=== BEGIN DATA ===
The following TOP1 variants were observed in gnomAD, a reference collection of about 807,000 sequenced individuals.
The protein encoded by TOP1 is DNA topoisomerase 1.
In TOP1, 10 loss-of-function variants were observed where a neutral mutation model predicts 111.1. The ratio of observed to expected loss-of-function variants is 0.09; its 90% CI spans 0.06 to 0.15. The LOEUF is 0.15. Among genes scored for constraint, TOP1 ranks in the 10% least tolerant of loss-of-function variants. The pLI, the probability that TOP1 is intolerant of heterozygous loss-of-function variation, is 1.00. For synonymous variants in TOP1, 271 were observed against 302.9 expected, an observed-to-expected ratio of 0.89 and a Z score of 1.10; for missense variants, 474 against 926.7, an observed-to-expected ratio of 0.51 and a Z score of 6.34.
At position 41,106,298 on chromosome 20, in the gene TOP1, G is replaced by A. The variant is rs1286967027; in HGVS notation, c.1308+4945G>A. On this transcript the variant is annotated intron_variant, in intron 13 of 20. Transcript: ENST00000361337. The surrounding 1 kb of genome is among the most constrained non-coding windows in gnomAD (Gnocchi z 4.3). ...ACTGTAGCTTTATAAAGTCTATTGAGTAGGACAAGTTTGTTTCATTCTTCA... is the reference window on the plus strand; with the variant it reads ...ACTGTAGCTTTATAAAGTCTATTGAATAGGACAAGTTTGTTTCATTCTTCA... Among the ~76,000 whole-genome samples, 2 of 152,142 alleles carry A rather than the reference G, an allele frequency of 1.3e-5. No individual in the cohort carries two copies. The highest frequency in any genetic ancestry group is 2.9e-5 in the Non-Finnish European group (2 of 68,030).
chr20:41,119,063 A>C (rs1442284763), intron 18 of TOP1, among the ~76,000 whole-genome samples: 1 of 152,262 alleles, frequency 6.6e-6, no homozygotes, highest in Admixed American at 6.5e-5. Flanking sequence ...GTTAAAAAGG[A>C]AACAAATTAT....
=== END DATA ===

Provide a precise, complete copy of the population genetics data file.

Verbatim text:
The following TOP1 variants were observed in gnomAD, a reference collection of about 807,000 sequenced individuals.
The protein encoded by TOP1 is DNA topoisomerase 1.
In TOP1, 10 loss-of-function variants were observed where a neutral mutation model predicts 111.1. The ratio of observed to expected loss-of-function variants is 0.09; its 90% CI spans 0.06 to 0.15. The LOEUF is 0.15. Among genes scored for constraint, TOP1 ranks in the 10% least tolerant of loss-of-function variants. The pLI, the probability that TOP1 is intolerant of heterozygous loss-of-function variation, is 1.00. For synonymous variants in TOP1, 271 were observed against 302.9 expected, an observed-to-expected ratio of 0.89 and a Z score of 1.10; for missense variants, 474 against 926.7, an observed-to-expected ratio of 0.51 and a Z score of 6.34.
At position 41,106,298 on chromosome 20, in the gene TOP1, G is replaced by A. The variant is rs1286967027; in HGVS notation, c.1308+4945G>A. On this transcript the variant is annotated intron_variant, in intron 13 of 20. Transcript: ENST00000361337. The surrounding 1 kb of genome is among the most constrained non-coding windows in gnomAD (Gnocchi z 4.3). ...ACTGTAGCTTTATAAAGTCTATTGAGTAGGACAAGTTTGTTTCATTCTTCA... is the reference window on the plus strand; with the variant it reads ...ACTGTAGCTTTATAAAGTCTATTGAATAGGACAAGTTTGTTTCATTCTTCA... Among the ~76,000 whole-genome samples, 2 of 152,142 alleles carry A rather than the reference G, an allele frequency of 1.3e-5. No individual in the cohort carries two copies. The highest frequency in any genetic ancestry group is 2.9e-5 in the Non-Finnish European group (2 of 68,030).
chr20:41,119,063 A>C (rs1442284763), intron 18 of TOP1, among the ~76,000 whole-genome samples: 1 of 152,262 alleles, frequency 6.6e-6, no homozygotes, highest in Admixed American at 6.5e-5. Flanking sequence ...GTTAAAAAGG[A>C]AACAAATTAT....